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"My good friend Gerry Dawes, the unbridled Spanish food and wine enthusiast cum expert whose writing, photography, and countless crisscrossings of the peninsula have done the most to introduce Americans—and especially American food professionals—to my country's culinary life." -- Chef-restaurateur-humanitarian José Andrés of José Andrés ThinkFoodGroup, Nobel Peace Prize Nominee and Oscar Presenter 2019

"Trust me everyone, I have traveled with this man, if Gerry Dawes tells you to eat somewhere it's like Bourdain, believe it!!" - - Chef Mark Kiffin, The Compound Restaurant, Canyon Road, Santa Fe, New Mexico.

“Spain wouldn’t be as known to Americans without the stories Gerry tells and writes.” - - Superstar Catalan Chef Ferran Adrià, elBulli

"But, for Gerry, Spain is more than just the Adriàs and (Juan Mari and Elena) Arzaks. He has connected with all manner of people working at every level and in every corner of Spain. I’m always amazed at this reach. You can step into a restaurant in the smallest town in Spain, and it turns out they know Gerry somehow. I remember one rainy night in Madrid during the 2003 Madrid Fusión congress. I wanted to go to my favorite place for patatas bravas, the ultimate tapa. But Gerry had another place in mind, and I didn’t know about it. But Gerry is always right. The potatoes at his place were amazing.” - - Chef-restaurateur-humanitarian José Andrés, Nobel Peace Prize Nominee and Oscar Presenter 2019; Chef-partner of Mercado Little Spain at Hudson Yards, New York 2019

"Gerry Dawes loves Spain, and he loves Spanish wines. And the man knows whereof he speaks. The country bestowed upon him its prestigious Premio Nacional de Gastronomia (National Gastronomy Award) in 2003, and here’s what James A. Michener said about him in Iberia: SpanishTravels and Reflections: “In his nearly thirty years of wandering the back roads of Spain, Gerry Dawes has built up a much stronger bank of experiences than I had to rely on when I started writing Iberia … His adventures far exceeded mine in both width and depth … ” I first reached out to Dawes when I was planning a culinary journey to Barcelona, Rioja, and the Basque region of Spain, in 2011. I found his website and began reading, and have been learning from him ever since. Then, when I was preparing to stage at Arzak, in 2012, Dawes offered me some sound advice: learn Basque. He is opinionated – “You must decide whether you love wine or carpentry. If you want wood in your wine, suck on a toothpick as you drink your vino.” – he lives life with passion, and he respects wine and the men and woman who make it. Here’s to Gerry!" - - The Original Drinker: Spanish Wine Master Loves a $15.99 Rosado, Hates Wood and Always Avoids Wine Bars, James Brock, Paper City,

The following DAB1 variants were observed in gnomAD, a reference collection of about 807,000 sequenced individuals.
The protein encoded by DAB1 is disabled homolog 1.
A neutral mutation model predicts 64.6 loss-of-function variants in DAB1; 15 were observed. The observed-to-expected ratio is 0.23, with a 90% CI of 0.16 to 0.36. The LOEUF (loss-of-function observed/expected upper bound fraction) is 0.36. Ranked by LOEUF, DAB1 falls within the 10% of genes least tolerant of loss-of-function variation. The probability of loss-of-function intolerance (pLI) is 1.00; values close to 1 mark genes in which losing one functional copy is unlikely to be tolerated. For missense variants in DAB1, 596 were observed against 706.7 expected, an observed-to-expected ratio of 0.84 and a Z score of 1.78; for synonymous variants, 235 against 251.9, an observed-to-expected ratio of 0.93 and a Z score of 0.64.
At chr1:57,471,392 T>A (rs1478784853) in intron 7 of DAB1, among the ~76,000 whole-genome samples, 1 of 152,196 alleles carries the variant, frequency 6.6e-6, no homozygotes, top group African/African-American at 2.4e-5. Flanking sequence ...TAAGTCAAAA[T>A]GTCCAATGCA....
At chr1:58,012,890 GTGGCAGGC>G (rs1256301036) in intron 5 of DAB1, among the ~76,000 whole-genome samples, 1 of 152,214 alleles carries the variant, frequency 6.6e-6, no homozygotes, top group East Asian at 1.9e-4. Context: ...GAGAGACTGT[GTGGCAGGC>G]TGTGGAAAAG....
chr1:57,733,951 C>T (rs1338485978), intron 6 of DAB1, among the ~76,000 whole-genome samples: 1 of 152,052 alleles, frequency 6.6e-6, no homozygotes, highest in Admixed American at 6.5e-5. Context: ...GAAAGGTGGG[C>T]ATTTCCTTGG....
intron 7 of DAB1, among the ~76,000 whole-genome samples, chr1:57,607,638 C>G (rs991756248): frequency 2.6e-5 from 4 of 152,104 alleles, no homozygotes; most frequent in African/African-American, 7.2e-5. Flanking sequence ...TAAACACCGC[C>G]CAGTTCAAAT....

Food Arts Silver Spoon Award to Gerry Dawes

 Premio Nacional de Gastronomía - - James Beard Foundation Nomination (Best Wine Writing)
Premio Periodistíco Cava

Gerry Dawes's Article Medieval Riches of El Cid's City (About Burgos, Spain)
Front Page, The New York Times Sunday Travel Section

 About Blog Author Gerry Dawes, Premio Nacional de Gastronomía (National Gastronomy Award)


Camino de Santiago Hikers Led by Restaurant Tycoon Andy Pforzheimer Spend a Day With Gerry Dawes in Spectacular Ribeira Sacra.

* * * * * 

Mencía vineyards on the Miño River in Belesar, Chantada, Ribeira Sacra, Galicia, Spain.
 Photo by Gerry Dawes

May 12. 2017

Camino de Santiago, Day 39, Part 2.  Edited notes from Andy Pforzheimer, who for six weeks was walking the Camino with his wife Zelie and with several friends who have dropped in and out to walk part of the Camino with them.

Gerry Dawes is a raconteur, bon vivant*, and liberal redneck. . . a man who knows half as much about Spanish wine as he says he does**, and twice as much as anyone else in the English-speaking world.  

GD Editor's Notes:   *Spanish gastronomy and wine research is Hell, but someone has to do it.
**I know as much as I say I do.  

Gerry arrived just after 2:00, and swept us into his car, headed for Ribeira Sacra - a lesser-known Spanish DOC whose great red wines are made from the Mencía grape. . . Gerry represents small growers, and imports their wines into the US, for a living, so these trips - hard miles in Spain on back roads to small farmhouses - are part of his daily life. He takes to the highway, then gets off in the middle of nowhere and winds his way onto a tiny road. 

"I would never rent me a car*," he observes.

*Hertz has me blacklisted.

It's hard to capture a car ride with Gerry. He is a cantankerous good ol' boy whose backwoods drawl masks his encyclopedic knowledge of medieval history, Spanish literature, and conspiracy politics. There are no gaps in the conversation, as Gerry is happy to fill these with opinions that only barely neglect the implied ending*, "...and anyone who doesn't agree is a dumbass."  (*The only people who perceive this implication are those for whom the descriptor fits.)